Vincent Depaulis has led a full and active life. He grew up around his father’s restaurant business in Michigan and developed a passion for cooking, gardening as well as fishing. Years later, after enjoying an engineering career in the auto industry, Depaulis fully committed himself to doing those three activities as much as possible in his retirement years.

Unfortunately, nagging, and even debilitating, back pain cut into Vincent’s plans. The pain stemmed from an injury when he was younger and was exacerbated by activity through the years. By his mid-70s, the rarely idle senior was running out of answers. He turned to cortisone shots for years, but the time windows without pain grew shorter and shorter, and his will and determination could only take him so far.

“It zaps all your strength. I couldn’t go fishing. I couldn’t do my gardening … even cooking became difficult because you’re standing so much,” he said.

At 76, he met with specialists at The CORE Institute, a move that has Depaulis now feeling younger than he’s felt in years. “I go to the gym. I don’t eat processed foods or sweets. My weight is right where it should be. … I want a good quality of life. I want to keep fishing until I’m 90,” he added.

Ablation technology changes everything

Depaulis worked with The CORE Institute’s Dr. Michael Slesinski, a pain management physician who suggested a radiofrequency ablation procedure for the back pain. The treatment involves using a hollow needle with a probe inside it. Radio waves heat the probe’s tip and allow it to burn sensitive nerves in painful joint areas, decreasing pain signals to the body, explained Dr. Slesinski.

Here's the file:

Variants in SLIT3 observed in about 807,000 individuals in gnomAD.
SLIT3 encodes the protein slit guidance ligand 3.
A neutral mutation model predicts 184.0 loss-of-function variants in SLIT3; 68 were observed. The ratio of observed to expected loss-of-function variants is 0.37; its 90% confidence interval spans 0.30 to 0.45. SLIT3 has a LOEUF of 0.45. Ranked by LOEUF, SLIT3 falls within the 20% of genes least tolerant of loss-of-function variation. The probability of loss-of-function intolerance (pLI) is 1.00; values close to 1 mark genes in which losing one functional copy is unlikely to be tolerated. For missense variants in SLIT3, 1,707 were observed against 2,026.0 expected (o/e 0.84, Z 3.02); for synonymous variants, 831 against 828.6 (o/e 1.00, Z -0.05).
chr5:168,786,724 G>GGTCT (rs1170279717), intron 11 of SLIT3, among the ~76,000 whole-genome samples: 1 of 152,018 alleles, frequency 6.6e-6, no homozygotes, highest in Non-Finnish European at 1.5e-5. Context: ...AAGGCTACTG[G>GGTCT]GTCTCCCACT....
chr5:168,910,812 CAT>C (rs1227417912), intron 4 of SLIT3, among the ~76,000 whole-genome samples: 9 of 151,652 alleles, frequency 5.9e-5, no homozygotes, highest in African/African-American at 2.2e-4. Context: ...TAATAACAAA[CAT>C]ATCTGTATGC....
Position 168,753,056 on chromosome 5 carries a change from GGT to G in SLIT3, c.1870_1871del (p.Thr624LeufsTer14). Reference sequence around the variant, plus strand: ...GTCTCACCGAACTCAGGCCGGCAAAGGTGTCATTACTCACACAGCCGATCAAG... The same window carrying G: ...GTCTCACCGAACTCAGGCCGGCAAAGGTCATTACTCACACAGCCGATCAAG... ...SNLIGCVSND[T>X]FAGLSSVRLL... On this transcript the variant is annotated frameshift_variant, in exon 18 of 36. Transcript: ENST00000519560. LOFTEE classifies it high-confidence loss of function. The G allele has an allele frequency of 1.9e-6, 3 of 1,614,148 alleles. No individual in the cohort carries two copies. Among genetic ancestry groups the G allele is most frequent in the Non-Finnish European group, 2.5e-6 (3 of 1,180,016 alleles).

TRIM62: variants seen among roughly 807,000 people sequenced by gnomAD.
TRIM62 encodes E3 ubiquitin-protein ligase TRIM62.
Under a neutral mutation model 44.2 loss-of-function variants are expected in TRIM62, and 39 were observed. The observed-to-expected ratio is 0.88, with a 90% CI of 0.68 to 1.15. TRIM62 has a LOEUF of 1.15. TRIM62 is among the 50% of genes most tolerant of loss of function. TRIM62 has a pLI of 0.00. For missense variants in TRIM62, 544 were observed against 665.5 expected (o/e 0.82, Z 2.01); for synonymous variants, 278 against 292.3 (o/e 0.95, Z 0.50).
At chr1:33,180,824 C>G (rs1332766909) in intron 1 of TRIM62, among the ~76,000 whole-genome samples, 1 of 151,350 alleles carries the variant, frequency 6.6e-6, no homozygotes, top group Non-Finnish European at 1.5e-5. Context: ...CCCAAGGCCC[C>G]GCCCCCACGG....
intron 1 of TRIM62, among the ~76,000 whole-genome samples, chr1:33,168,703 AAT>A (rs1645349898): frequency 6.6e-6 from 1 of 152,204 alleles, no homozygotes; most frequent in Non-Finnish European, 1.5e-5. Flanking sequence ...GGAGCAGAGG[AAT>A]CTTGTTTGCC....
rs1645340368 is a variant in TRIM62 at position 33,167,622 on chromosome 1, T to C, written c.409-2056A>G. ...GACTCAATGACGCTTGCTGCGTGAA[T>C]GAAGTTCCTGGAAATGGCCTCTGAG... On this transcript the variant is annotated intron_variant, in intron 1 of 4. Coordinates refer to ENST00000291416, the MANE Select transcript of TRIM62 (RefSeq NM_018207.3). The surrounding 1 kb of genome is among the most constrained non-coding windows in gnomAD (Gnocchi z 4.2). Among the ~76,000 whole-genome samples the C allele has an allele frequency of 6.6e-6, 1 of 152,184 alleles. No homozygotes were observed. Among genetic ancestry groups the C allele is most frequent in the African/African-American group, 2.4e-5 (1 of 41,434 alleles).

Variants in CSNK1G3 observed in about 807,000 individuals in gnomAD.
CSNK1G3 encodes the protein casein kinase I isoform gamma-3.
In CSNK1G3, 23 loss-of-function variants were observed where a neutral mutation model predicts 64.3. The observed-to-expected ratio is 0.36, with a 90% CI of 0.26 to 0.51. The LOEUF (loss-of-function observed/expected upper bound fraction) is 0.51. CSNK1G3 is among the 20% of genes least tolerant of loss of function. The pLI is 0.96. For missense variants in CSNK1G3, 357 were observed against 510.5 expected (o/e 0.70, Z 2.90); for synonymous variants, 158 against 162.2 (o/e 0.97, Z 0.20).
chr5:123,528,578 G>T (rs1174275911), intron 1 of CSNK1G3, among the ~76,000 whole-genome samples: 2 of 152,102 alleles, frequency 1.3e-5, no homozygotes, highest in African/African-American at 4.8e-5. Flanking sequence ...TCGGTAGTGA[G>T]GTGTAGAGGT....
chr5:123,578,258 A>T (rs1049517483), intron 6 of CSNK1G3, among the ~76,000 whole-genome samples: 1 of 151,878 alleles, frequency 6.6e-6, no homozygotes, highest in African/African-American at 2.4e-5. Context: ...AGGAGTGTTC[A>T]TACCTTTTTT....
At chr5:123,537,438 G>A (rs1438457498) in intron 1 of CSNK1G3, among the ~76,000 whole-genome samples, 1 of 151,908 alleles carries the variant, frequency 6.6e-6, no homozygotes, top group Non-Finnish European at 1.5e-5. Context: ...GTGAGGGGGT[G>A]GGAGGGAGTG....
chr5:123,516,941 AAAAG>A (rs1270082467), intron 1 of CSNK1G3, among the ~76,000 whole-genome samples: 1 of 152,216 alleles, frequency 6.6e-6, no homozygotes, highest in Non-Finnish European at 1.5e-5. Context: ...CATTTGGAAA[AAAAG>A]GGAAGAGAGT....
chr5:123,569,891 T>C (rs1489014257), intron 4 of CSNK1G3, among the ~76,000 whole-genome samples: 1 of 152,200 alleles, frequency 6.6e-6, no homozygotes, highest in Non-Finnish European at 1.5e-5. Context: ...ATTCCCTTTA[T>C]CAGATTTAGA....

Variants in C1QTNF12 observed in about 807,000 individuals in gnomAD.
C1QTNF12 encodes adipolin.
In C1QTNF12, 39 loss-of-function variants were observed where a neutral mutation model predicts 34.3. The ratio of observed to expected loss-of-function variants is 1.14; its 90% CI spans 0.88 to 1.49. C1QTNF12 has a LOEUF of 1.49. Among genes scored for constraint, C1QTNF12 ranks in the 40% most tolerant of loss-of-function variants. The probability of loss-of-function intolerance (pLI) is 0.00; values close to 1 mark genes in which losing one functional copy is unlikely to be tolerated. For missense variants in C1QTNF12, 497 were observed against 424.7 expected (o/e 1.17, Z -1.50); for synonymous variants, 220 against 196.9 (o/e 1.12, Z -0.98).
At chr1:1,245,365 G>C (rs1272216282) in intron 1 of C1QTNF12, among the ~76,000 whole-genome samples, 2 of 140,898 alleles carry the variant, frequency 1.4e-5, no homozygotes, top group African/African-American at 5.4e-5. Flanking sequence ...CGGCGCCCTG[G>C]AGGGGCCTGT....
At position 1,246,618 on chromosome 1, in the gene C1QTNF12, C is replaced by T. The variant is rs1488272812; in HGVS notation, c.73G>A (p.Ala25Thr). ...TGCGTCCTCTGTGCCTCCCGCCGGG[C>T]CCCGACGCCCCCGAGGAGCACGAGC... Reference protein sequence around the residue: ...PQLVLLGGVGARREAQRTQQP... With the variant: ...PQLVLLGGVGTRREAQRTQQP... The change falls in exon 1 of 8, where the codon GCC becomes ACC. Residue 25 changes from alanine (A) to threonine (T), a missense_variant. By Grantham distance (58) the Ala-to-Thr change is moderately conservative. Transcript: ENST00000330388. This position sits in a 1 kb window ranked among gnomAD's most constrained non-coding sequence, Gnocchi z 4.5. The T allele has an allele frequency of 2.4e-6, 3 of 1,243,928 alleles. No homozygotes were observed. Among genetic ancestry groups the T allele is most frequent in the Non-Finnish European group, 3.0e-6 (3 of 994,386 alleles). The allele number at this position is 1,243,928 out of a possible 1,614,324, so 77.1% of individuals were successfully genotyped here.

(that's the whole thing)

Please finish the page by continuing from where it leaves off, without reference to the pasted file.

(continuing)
A couple days after the short outpatient procedure, Depaulis felt like a new man.

“Your pain is never completely gone, but it’s about 85 percent gone. It has left me with a great quality of life,” he said.

With his new lease on life, Depaulis also turned to the ablation technology for neck and knee pain. In the past four years, he has also made The CORE Institute his go-to for all his pain management needs; he has utilized non-operative reparative treatments and other pain treatments as well.

“I like to check in with them. … I’m a frequent visitor,” he added. “I don’t mind sharing my story with other individuals, too. I don’t mind talking about all that they’ve done for me.”

Depaulis’ experience also motivates others, including his own doctor.

“It’s the whole reason I went into physical medicine and rehabilitation,” Dr. Slesinski said. “You’re really not just focusing on pain, you’re focusing on transforming these people’s lives and being able to improve their function and to get them back to doing the things they really want to do.”

For an active adult like Depaulis, getting back to the things he loves, without pain, is his prescription for a joyful life.


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